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Reading when a paragraph starts with a topic sentence, and when it doesn’t

My undergraduate students often tell me that it’s really hard for them to discern how to read a paper, particularly dense articles written by people with PhDs who often speak in “academiquese”, but that their faculty assign them to read. This frustrates me because I know that there is nothing I can do to change how other academics’ write. I can only try to help my students learn some heuristics about how to identify the key idea within a paragraph, and read/highlight/scribble accordingly.

Reading and highlighting and scribbling

I wrote a Twitter thread explaining how some writers whose prose I enjoy generate their text and how we could find the core idea of a paragraph when it’s at the beginning (as a topic sentence) or when it’s embedded within the paragraph. The first example (by Dr. Malini Ranga and Dr. Carolina Balazs) is a perfect article to showcase how to read when a paragraph starts with a topic sentence, as the vast majority of the paper is written using this model.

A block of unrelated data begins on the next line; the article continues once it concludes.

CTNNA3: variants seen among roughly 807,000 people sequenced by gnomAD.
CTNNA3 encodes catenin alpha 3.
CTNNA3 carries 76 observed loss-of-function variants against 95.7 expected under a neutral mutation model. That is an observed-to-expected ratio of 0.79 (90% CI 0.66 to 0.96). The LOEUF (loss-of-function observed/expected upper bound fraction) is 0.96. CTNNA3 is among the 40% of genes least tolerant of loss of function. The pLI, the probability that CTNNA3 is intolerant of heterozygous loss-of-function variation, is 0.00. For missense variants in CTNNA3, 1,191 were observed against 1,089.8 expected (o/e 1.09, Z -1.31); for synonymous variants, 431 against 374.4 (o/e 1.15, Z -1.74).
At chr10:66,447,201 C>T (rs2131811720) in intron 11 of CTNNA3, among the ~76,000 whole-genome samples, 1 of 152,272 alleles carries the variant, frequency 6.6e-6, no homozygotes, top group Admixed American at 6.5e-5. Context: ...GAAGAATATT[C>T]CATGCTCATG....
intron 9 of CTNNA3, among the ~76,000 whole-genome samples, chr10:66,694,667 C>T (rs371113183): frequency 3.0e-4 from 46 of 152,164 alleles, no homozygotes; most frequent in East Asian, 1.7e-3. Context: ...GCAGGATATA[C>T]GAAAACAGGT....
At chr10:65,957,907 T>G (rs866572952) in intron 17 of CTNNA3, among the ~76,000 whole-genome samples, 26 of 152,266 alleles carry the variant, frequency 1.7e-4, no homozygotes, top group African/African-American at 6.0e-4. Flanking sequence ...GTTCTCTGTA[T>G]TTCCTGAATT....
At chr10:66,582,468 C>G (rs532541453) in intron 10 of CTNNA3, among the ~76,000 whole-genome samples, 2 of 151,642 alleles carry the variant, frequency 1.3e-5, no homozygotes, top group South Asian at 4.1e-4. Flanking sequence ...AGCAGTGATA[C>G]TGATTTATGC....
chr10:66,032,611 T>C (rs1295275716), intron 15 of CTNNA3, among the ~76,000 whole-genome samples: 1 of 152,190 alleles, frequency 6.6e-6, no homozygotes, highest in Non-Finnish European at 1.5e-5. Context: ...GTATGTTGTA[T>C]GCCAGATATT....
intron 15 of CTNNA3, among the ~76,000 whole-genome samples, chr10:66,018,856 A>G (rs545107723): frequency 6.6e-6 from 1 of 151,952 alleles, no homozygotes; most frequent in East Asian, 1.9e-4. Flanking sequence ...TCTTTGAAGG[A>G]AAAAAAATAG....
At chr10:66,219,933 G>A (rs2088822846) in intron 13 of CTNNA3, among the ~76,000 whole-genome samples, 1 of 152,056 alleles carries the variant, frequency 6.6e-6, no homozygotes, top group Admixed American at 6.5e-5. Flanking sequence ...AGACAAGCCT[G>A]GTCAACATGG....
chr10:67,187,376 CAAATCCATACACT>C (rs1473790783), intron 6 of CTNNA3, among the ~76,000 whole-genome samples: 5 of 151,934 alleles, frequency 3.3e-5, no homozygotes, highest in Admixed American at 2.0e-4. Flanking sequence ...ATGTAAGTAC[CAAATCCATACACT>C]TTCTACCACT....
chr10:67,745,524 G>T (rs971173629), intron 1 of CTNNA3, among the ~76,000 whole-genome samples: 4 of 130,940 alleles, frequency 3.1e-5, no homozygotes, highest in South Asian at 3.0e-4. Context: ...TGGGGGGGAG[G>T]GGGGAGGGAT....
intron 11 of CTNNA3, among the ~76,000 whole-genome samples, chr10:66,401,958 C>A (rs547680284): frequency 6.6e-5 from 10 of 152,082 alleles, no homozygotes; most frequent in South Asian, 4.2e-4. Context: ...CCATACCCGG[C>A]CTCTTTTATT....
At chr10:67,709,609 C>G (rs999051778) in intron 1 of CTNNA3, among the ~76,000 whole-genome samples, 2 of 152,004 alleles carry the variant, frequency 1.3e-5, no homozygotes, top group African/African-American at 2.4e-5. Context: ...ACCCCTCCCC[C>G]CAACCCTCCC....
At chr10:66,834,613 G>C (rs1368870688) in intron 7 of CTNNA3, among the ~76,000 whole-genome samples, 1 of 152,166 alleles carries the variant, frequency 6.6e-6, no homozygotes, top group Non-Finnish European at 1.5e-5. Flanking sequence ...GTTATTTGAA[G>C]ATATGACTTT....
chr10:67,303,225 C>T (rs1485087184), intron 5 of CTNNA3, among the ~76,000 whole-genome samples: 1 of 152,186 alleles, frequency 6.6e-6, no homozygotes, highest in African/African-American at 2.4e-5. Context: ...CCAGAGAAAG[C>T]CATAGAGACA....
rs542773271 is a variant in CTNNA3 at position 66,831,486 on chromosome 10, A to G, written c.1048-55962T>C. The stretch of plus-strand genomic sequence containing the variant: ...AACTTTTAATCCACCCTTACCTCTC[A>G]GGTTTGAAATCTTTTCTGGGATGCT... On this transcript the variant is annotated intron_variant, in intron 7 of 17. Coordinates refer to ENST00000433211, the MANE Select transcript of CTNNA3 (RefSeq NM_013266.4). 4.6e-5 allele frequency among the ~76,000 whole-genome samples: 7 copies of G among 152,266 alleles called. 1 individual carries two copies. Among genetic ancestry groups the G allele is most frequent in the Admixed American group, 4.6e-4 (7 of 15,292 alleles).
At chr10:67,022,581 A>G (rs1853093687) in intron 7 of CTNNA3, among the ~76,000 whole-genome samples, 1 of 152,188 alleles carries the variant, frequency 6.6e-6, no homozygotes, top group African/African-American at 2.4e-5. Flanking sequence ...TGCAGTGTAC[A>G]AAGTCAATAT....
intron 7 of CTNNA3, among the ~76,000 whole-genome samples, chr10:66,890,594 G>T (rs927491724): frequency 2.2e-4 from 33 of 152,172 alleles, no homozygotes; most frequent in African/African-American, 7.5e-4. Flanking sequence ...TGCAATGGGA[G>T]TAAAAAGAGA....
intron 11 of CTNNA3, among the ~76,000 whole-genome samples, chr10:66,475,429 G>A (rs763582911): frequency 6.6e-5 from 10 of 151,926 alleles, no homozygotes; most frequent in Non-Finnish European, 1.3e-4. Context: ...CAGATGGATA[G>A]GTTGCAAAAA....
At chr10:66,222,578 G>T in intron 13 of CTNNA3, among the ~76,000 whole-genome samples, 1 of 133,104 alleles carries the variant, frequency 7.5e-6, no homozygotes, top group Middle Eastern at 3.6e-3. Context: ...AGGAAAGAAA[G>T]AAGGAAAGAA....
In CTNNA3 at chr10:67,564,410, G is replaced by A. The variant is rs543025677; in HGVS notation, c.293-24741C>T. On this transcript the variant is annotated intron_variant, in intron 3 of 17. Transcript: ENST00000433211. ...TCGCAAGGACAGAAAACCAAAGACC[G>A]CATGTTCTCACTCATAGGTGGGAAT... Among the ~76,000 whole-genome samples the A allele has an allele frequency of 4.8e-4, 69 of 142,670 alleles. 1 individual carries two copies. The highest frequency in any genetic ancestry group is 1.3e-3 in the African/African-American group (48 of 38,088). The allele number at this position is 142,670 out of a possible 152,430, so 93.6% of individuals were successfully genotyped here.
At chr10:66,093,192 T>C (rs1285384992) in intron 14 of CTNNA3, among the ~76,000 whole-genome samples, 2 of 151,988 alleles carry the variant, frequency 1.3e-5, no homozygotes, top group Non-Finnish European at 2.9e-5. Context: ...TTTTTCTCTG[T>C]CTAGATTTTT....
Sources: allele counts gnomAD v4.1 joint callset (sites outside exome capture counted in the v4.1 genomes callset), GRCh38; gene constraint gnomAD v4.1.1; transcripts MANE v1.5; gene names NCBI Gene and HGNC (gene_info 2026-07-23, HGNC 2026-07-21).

Dr. Ranganathan and Dr. Balazs do an excellent job of outlining their paper using topic sentences, and it shows throughout the manuscript, as you can tell from my Twitter thread.

The second example I used came from Dr. Farhana Sultana’s piece in Water International on water justice. Here you can tell how to discern the main idea because she clearly outlines the two key factors under study, and links back-and-forth to those ideas.

The third example comes from Dr. Christiana Zenner’s Just Water book. While she mostly starts with a topic sentence, sometimes she does not, but she clearly outlines the core idea of what she is trying to transmit in the paragraph.

While I’m writing these blog posts to guide my undergraduate students, I am hoping others will benefit from using these heuristics as well. You may be interested in my other blog posts on reading strategies for undergraduates.

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